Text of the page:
Awaiting its ride to space are a Spanish radar-imaging satellite dubbed PAZ for government and commercial users.
SpaceX hopes they will be the first of some 12,000 satellites in total that will make up the future internet service.
To ensure consistent coverage, providers of next-gen satellite broadband will need to put up many more satellites, as well as develop accurate tracking technology that lets devices on the ground communicate with them without missing a beat. Through mass production and lower costs to orbit, a giant network of magnitudes smaller satellites can realistically beat those giant satellites by being closer to the Earth.
The idea is to create a network of satellites that insure connectivity at all times, but getting the logistics hammered out may be tricky. CEO Elon Musk says SpaceX is "going to try and do for satellites what we've done for rockets".
More confirmations came on Wednesday when the Chairman of the Federal Communications Commission Ajit Pai started circulating a recommendation proposal to fellow commissioners to approve SpaceX's application for satellite-based internet services.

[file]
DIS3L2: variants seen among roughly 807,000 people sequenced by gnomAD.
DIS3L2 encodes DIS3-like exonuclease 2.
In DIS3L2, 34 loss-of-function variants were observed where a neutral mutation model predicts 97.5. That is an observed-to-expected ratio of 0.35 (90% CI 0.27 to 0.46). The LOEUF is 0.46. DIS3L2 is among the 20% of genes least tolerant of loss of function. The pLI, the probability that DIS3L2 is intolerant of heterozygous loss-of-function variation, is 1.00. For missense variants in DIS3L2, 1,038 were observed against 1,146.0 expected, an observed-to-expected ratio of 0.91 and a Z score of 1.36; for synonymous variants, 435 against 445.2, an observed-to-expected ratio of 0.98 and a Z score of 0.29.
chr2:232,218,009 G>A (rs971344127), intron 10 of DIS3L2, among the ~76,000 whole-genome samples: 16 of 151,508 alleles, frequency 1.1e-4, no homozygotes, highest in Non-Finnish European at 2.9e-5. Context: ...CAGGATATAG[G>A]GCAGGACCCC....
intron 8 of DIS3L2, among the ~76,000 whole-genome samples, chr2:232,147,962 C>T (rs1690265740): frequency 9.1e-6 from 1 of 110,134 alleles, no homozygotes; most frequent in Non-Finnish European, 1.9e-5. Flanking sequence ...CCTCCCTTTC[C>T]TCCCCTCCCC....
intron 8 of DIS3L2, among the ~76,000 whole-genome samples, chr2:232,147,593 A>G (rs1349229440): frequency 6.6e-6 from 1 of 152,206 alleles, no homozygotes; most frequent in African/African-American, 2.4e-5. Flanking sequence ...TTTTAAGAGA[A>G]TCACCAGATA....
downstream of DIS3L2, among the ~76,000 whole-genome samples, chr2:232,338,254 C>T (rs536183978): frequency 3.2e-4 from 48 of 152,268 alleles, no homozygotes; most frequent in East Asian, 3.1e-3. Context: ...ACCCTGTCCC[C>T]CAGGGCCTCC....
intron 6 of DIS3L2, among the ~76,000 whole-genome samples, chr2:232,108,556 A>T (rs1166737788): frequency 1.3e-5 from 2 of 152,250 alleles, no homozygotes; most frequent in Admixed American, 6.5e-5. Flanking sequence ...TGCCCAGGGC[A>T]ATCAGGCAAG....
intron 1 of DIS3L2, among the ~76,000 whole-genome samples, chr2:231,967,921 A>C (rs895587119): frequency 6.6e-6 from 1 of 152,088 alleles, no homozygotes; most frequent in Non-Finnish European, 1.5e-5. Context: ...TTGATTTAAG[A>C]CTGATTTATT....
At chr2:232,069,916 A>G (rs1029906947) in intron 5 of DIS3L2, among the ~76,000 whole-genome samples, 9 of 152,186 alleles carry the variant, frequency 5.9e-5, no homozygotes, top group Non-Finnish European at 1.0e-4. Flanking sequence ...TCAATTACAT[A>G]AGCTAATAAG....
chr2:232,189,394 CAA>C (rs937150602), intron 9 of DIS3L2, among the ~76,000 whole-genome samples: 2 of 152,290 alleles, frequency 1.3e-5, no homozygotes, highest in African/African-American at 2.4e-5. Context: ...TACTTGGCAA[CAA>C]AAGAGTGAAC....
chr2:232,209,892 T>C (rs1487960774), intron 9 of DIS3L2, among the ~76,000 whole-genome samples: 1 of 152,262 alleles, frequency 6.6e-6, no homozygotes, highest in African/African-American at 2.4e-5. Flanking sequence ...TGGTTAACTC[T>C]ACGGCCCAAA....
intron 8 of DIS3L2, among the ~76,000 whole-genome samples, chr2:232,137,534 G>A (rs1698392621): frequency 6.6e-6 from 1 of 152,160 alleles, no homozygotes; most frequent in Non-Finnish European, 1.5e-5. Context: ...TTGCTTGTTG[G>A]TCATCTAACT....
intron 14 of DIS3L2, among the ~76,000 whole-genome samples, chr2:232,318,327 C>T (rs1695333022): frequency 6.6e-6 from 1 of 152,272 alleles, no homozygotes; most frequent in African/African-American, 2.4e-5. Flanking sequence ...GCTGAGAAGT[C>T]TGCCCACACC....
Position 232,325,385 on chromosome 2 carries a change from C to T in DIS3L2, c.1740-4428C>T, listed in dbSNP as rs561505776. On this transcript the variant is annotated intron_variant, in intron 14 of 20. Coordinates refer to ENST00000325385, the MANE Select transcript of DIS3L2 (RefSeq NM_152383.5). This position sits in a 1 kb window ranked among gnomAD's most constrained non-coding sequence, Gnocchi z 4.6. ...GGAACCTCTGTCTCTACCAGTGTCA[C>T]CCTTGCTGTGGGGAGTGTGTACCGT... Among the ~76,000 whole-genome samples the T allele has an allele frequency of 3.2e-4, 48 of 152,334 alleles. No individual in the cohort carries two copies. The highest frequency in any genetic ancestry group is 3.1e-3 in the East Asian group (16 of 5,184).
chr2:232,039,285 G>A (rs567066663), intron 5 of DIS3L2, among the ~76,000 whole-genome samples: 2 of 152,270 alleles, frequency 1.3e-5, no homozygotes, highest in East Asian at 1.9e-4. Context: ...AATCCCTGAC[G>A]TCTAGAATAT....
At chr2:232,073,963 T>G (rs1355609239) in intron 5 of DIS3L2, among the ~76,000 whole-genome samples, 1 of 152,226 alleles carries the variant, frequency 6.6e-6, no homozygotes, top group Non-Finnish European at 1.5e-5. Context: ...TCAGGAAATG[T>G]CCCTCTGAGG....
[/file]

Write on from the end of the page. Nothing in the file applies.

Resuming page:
Here in South Africa mobile network operators have been asking authorities for greater access to spectrum only for negotiations to be hampered by red tape and protocols.
SpaceX is launching a rocket Sunday from the Vandenberg Air Force Base near Santa Barbara.
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Furthermore, SpaceX needs to implement the technology required to receive the beamed internet on Earth. While that is exciting, their plans for an internet-beaming satellite network are far more intriguing. Via the National Broadband Plan, the U.S. government is now trying to bring high-speed internet to places where service is lacking, especially rural areas. Last summer, the company filed a trademark request for the word "Starlink" for a global satellite broadband network. The Falcon 9 is scheduled to lift off at 6:16 a.m. As the satellites will constantly move, the receiving antennas must rapidly determine which satellite is best to communicate with at any given time.
In the statement, Pai said: "To bridge America's digital divide, we'll have to use innovative technologies".
Joining the likes of OneWeb, Space Norway and Telesat - who have also received approvals for similar plans - the SpaceX constellation will be comprised of LEO satellites. SpaceX also must access to part of the radio spectrum, which is the range of airwave frequencies that will be used to send the internet down from space. In the United States, it is estimated that at least 14 million people lack mobile broadband. The goal of SpaceX and nearly a dozen other companies is to deliver fast, reliable Internet access to virtually everyone.